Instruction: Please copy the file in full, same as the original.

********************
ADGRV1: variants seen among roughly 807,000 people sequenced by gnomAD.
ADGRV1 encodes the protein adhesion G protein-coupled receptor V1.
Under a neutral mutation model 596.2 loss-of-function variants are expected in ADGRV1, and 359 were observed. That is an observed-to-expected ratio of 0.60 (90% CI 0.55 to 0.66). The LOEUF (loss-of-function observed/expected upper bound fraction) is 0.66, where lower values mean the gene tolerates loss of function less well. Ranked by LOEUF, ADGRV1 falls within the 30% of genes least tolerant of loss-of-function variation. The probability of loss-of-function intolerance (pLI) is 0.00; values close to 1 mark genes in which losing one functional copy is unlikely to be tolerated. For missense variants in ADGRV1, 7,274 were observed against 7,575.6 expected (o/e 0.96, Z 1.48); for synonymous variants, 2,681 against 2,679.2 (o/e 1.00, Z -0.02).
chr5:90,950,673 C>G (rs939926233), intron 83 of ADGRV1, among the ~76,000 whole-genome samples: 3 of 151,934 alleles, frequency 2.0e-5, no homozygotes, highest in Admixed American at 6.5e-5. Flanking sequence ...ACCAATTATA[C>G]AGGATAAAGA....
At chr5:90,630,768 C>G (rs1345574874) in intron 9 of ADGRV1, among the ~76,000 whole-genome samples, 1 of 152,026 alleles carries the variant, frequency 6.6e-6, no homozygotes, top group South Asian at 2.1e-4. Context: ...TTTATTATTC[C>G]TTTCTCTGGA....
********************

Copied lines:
ADGRV1: variants seen among roughly 807,000 people sequenced by gnomAD.
ADGRV1 encodes the protein adhesion G protein-coupled receptor V1.
Under a neutral mutation model 596.2 loss-of-function variants are expected in ADGRV1, and 359 were observed. That is an observed-to-expected ratio of 0.60 (90% CI 0.55 to 0.66). The LOEUF (loss-of-function observed/expected upper bound fraction) is 0.66, where lower values mean the gene tolerates loss of function less well. Ranked by LOEUF, ADGRV1 falls within the 30% of genes least tolerant of loss-of-function variation. The probability of loss-of-function intolerance (pLI) is 0.00; values close to 1 mark genes in which losing one functional copy is unlikely to be tolerated. For missense variants in ADGRV1, 7,274 were observed against 7,575.6 expected (o/e 0.96, Z 1.48); for synonymous variants, 2,681 against 2,679.2 (o/e 1.00, Z -0.02).
chr5:90,950,673 C>G (rs939926233), intron 83 of ADGRV1, among the ~76,000 whole-genome samples: 3 of 151,934 alleles, frequency 2.0e-5, no homozygotes, highest in Admixed American at 6.5e-5. Flanking sequence ...ACCAATTATA[C>G]AGGATAAAGA....
At chr5:90,630,768 C>G (rs1345574874) in intron 9 of ADGRV1, among the ~76,000 whole-genome samples, 1 of 152,026 alleles carries the variant, frequency 6.6e-6, no homozygotes, top group South Asian at 2.1e-4. Context: ...TTTATTATTC[C>G]TTTCTCTGGA....